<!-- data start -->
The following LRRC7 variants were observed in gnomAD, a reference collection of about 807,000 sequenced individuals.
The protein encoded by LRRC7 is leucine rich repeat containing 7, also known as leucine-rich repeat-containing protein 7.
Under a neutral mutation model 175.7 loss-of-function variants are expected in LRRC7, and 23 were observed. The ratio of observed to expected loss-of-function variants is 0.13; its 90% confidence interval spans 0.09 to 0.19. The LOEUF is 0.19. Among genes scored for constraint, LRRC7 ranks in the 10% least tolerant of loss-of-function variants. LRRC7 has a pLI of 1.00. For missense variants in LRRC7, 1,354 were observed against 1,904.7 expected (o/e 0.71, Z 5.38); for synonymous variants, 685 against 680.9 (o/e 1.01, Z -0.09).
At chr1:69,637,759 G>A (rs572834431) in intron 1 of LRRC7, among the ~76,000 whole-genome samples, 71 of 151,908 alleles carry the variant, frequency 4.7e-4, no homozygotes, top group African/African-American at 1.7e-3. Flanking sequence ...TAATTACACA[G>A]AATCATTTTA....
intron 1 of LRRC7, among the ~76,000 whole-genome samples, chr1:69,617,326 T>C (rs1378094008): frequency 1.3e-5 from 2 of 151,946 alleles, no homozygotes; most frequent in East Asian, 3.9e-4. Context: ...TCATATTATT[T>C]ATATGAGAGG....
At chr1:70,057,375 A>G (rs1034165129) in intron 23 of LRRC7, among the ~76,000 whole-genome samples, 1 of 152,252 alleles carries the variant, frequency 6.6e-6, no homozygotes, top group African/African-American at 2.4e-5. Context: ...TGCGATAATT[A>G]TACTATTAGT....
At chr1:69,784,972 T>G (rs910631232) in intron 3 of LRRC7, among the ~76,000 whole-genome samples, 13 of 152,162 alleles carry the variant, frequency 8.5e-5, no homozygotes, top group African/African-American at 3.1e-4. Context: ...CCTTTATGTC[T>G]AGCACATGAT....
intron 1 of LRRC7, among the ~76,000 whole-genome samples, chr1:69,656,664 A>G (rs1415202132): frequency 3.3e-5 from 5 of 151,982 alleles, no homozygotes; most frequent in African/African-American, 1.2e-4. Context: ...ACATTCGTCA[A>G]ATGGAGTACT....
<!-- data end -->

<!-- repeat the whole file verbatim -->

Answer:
The following LRRC7 variants were observed in gnomAD, a reference collection of about 807,000 sequenced individuals.
The protein encoded by LRRC7 is leucine rich repeat containing 7, also known as leucine-rich repeat-containing protein 7.
Under a neutral mutation model 175.7 loss-of-function variants are expected in LRRC7, and 23 were observed. The ratio of observed to expected loss-of-function variants is 0.13; its 90% confidence interval spans 0.09 to 0.19. The LOEUF is 0.19. Among genes scored for constraint, LRRC7 ranks in the 10% least tolerant of loss-of-function variants. LRRC7 has a pLI of 1.00. For missense variants in LRRC7, 1,354 were observed against 1,904.7 expected (o/e 0.71, Z 5.38); for synonymous variants, 685 against 680.9 (o/e 1.01, Z -0.09).
At chr1:69,637,759 G>A (rs572834431) in intron 1 of LRRC7, among the ~76,000 whole-genome samples, 71 of 151,908 alleles carry the variant, frequency 4.7e-4, no homozygotes, top group African/African-American at 1.7e-3. Flanking sequence ...TAATTACACA[G>A]AATCATTTTA....
intron 1 of LRRC7, among the ~76,000 whole-genome samples, chr1:69,617,326 T>C (rs1378094008): frequency 1.3e-5 from 2 of 151,946 alleles, no homozygotes; most frequent in East Asian, 3.9e-4. Context: ...TCATATTATT[T>C]ATATGAGAGG....
At chr1:70,057,375 A>G (rs1034165129) in intron 23 of LRRC7, among the ~76,000 whole-genome samples, 1 of 152,252 alleles carries the variant, frequency 6.6e-6, no homozygotes, top group African/African-American at 2.4e-5. Context: ...TGCGATAATT[A>G]TACTATTAGT....
At chr1:69,784,972 T>G (rs910631232) in intron 3 of LRRC7, among the ~76,000 whole-genome samples, 13 of 152,162 alleles carry the variant, frequency 8.5e-5, no homozygotes, top group African/African-American at 3.1e-4. Context: ...CCTTTATGTC[T>G]AGCACATGAT....
intron 1 of LRRC7, among the ~76,000 whole-genome samples, chr1:69,656,664 A>G (rs1415202132): frequency 3.3e-5 from 5 of 151,982 alleles, no homozygotes; most frequent in African/African-American, 1.2e-4. Context: ...ACATTCGTCA[A>G]ATGGAGTACT....